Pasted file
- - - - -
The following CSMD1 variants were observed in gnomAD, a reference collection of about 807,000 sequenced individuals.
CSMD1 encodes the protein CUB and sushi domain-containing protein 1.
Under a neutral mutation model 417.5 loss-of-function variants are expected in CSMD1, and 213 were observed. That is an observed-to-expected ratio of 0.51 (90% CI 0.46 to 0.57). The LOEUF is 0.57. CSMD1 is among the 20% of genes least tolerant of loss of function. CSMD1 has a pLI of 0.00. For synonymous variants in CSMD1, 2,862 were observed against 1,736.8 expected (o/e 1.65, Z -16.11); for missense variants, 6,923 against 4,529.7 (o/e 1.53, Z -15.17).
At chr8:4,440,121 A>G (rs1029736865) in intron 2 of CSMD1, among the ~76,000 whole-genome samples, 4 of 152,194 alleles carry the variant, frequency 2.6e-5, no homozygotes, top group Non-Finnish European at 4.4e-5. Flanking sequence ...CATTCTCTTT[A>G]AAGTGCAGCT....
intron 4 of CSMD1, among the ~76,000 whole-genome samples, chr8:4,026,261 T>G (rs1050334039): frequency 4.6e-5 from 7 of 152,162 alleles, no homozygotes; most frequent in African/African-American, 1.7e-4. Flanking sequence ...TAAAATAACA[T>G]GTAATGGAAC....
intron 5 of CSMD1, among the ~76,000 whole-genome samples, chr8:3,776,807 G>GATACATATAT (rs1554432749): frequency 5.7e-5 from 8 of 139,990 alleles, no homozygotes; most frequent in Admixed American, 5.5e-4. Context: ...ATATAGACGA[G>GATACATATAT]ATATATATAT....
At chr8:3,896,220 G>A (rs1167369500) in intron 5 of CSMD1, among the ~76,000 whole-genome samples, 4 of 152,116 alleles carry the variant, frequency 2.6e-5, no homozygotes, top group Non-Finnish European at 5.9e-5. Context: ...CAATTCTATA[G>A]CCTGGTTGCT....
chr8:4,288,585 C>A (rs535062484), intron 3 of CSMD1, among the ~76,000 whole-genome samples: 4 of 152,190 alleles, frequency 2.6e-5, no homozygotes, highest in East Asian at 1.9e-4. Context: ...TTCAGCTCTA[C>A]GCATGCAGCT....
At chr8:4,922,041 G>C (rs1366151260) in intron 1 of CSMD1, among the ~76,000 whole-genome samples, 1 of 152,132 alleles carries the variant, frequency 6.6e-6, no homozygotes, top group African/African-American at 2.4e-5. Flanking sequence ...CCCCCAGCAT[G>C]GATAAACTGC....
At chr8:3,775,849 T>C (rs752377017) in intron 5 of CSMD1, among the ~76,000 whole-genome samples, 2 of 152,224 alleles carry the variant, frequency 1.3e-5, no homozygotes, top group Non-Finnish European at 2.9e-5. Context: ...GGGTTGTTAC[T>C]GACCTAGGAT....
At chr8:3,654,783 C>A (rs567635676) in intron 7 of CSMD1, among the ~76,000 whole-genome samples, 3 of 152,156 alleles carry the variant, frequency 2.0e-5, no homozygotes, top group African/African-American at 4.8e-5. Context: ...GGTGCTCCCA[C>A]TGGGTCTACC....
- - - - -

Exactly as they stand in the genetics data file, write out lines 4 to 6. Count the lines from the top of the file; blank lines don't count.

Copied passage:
At chr8:4,440,121 A>G (rs1029736865) in intron 2 of CSMD1, among the ~76,000 whole-genome samples, 4 of 152,194 alleles carry the variant, frequency 2.6e-5, no homozygotes, top group Non-Finnish European at 4.4e-5. Flanking sequence ...CATTCTCTTT[A>G]AAGTGCAGCT....
intron 4 of CSMD1, among the ~76,000 whole-genome samples, chr8:4,026,261 T>G (rs1050334039): frequency 4.6e-5 from 7 of 152,162 alleles, no homozygotes; most frequent in African/African-American, 1.7e-4. Flanking sequence ...TAAAATAACA[T>G]GTAATGGAAC....
intron 5 of CSMD1, among the ~76,000 whole-genome samples, chr8:3,776,807 G>GATACATATAT (rs1554432749): frequency 5.7e-5 from 8 of 139,990 alleles, no homozygotes; most frequent in Admixed American, 5.5e-4. Context: ...ATATAGACGA[G>GATACATATAT]ATATATATAT....